slower gdp growth IS NOT A BAD THING

An excellent view on why GDP growth is not a good measure for economic health likely cannot be better worded than is in an article by the Harvard Business School: “Other activities included in GDP, such as health care costs, do not reflect the fact that spending more on health care is, in John Caddell’s opinion, “in general not good for the country.”

spending more on health care is in general not good for the country

More to my person opinion, measuring GDP growth as a measure of the economy disappoints me because this suggests to me that we are in a consumerist economy.  I have no issue with people desiring whatever goods are desired however attributing these to the health of the economy appears problematic; not all goods are necessary for life and including the unnecessary should not indicate a general higher national economic well-being.
Authors from Boston University provided The Pardee Papers, specifically issue number four from 2009, as an early look into the need to change how we measure GDP. From the abstract: “We critique the inappropriate use of Gross Domestic Product (GDP) as a measure of national well-being, something for which it was never designed.” The authors help readers to understand that measuring GDP as a measure of well-being is problematic by offering the analogy of a building using electricity and that the more electricity used does not necessarily indicate higher quality of life. I find this to be a weak analogy – however it does begin the process of recognizing certain things – as suggested before higher health care spending does not imply higher quality of life. Link to PDF follows.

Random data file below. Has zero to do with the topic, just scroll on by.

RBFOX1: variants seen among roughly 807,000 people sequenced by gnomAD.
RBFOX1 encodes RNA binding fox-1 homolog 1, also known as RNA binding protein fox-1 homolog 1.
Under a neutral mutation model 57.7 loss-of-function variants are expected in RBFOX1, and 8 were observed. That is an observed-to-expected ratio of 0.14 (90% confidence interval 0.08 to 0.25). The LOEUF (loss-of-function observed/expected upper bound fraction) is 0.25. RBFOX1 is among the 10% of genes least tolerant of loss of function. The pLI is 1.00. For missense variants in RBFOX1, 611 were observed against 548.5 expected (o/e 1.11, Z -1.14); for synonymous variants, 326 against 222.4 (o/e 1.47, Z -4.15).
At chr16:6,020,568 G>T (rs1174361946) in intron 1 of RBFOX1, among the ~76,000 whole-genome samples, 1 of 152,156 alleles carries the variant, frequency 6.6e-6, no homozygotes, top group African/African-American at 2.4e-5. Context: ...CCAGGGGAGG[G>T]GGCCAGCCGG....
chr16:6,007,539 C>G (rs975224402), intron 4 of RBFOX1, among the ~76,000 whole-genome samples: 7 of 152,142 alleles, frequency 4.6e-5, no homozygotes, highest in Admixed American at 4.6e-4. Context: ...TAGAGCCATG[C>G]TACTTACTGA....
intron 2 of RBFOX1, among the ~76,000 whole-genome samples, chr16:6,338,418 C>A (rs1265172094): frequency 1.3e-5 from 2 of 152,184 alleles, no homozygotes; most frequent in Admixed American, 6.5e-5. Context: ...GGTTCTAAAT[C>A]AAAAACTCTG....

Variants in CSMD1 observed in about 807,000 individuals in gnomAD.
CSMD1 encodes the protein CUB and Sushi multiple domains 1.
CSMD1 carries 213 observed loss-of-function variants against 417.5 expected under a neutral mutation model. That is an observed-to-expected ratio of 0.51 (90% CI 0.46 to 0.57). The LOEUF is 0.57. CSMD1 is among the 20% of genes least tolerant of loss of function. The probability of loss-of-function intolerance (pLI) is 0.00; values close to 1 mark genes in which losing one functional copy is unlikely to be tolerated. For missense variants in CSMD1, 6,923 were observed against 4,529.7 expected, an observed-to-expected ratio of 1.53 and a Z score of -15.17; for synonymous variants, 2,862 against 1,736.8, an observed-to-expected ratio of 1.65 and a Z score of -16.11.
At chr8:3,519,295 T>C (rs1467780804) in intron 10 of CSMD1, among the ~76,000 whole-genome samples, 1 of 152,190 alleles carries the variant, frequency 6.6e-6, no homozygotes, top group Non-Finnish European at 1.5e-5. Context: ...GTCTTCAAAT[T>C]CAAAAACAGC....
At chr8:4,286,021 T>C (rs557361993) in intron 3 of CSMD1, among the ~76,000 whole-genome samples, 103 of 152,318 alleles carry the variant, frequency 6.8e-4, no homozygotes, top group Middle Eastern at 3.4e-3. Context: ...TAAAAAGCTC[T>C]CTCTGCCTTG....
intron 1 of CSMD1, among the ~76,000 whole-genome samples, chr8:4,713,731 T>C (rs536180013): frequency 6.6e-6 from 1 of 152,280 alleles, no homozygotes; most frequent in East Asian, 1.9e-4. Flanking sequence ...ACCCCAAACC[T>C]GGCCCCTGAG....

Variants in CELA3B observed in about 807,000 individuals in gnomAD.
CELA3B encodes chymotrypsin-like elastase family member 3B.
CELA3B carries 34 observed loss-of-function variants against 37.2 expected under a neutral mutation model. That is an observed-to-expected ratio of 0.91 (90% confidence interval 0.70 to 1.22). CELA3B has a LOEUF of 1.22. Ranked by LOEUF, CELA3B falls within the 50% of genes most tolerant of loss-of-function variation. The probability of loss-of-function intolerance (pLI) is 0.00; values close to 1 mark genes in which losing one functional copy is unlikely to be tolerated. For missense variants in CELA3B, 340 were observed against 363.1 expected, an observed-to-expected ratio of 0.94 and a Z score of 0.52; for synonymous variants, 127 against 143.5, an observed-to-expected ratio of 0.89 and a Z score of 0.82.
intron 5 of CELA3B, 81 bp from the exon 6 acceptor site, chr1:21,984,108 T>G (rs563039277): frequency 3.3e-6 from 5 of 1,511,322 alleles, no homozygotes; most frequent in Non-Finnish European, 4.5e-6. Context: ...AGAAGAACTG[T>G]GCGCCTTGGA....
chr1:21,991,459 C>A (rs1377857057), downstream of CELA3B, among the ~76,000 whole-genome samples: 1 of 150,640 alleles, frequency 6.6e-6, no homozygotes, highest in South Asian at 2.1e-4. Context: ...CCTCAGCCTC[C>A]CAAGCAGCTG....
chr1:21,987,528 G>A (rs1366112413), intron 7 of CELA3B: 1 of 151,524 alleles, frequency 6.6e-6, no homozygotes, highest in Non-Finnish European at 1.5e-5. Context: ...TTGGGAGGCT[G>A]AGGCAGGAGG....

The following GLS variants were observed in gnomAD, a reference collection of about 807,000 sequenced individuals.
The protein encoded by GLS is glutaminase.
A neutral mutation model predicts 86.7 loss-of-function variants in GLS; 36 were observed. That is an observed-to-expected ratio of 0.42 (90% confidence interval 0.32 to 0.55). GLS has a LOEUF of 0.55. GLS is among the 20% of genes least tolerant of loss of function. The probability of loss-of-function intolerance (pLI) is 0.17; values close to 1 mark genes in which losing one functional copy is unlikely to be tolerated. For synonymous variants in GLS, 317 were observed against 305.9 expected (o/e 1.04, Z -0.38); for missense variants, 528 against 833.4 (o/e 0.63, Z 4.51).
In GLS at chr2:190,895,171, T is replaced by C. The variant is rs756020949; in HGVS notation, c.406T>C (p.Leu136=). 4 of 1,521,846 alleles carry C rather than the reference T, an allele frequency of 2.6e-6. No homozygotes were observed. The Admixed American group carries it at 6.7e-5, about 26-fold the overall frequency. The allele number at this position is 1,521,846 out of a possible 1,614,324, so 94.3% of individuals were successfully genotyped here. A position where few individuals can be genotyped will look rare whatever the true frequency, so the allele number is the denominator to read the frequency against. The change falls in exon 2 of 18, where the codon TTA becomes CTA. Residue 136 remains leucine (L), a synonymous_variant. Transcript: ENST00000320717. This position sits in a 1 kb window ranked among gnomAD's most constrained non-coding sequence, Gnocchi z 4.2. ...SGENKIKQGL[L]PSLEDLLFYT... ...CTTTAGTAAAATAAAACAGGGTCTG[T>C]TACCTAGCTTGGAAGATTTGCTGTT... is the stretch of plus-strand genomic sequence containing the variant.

One alternative measure is examined by Senior Fellow at New America: Georgia Levenson Keohane in an article posted by Time in which a Social Progress Index measures the extent to which countries provide for the social and environmental needs of their citizens. The SPI was developed by the Social Progress Imperative and is based on the writings of Amartya Sen, Douglass North, and Joseph Stiglitz. From this list I’ve read three of Amartya Sen’s books and have concern about inflationary aspects of his lending practices if applied globally, however I take no issue with his belief in assisting the extremely impoverished. It appears the SPI has been in use since the beta version launched in 2013.
Several other alternative measures are reintroduced in a January 2016 article by CBSnews which provides a re-listing and link to a 2008 article from The New York Times.

 

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